I switched my workstation from a seated configuration to a sit/stand design this winter. I had found my muscles becoming increasingly “frozen” from hours of sitting. I would get up at lunch or for a meeting and feel noticeably stiff, especially in my legs. Then I had the great fun of finding out at my 50-year physical that I was well on the way to the family malady of osteoporosis (thinning bones). Something had to change.
I’m a graphic designer, so I have been using an LCD/notebook combination for some time. The dual screens speed things up and I can grab the notebook each night to check email or finish up work projects at home. Dual monitors mean less clicking/toggling between screens/applications. Designers put in a lot of “mouse time” that can aggravate wrists and forearms. I also have a very cool wrist/elbow support that clips onto my desktop. This helps alleviate pain from an old repetitive stress injury to my right arm.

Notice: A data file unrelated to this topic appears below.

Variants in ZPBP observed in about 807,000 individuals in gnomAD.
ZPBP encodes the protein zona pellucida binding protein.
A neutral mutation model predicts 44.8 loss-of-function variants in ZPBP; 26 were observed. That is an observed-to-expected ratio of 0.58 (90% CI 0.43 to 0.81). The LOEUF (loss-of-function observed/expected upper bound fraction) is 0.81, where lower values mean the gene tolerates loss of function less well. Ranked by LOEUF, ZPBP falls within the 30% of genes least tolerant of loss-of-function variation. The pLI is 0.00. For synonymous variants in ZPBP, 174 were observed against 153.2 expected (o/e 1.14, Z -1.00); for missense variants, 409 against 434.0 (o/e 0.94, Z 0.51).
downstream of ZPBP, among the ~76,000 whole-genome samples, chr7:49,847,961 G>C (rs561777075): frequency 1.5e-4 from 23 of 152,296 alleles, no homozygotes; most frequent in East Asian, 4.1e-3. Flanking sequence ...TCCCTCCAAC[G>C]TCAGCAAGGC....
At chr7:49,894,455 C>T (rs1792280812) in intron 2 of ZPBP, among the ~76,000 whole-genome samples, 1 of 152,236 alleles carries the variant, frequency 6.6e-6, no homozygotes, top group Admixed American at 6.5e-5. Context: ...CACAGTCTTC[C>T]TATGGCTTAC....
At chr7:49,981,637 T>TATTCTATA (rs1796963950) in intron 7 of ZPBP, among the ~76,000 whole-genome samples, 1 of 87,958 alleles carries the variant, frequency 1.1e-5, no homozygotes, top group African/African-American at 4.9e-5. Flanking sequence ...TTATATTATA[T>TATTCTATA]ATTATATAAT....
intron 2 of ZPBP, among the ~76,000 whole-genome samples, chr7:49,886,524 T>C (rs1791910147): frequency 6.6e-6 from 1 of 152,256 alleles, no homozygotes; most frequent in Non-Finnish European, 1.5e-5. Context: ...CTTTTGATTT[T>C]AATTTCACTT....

To create the sit/stand workspace, we measured my elbow height when I was standing, in my shoes, and raised the desktop to that level. An industrial floor mat was added for comfort, plus an adjustable drafting stool that includes a footrest. To be ergonomically correct, I should be using a small footstool when I am standing (to rest each leg, alternately), but I haven’t added that yet.
It did not take long to notice the difference standing made, especially since I didn’t order the drafting stool until a couple months later (standing all day is not recommended for people with hypertension or varicose veins). I found that I was using all of my muscles more, not just my legs. Joints feel more flexible, strength is added to the legs and feet. I even use my arms more because they are no longer propped up on armrests. It’s easier to meet with people when they come to my desk; we are both already standing and conversing at eye-level. Co-workers can walk right up to my monitor and we can discuss the design that is previewing on the screen.
Once the chair arrived, I noticed more benefits. The stiffness that develops from standing is eased when sitting, and the stiffness that develops from sitting is eased in standing. So it’s a great symbiosis. It will be interesting to see if there is an appreciable difference in the bone scan I have next year.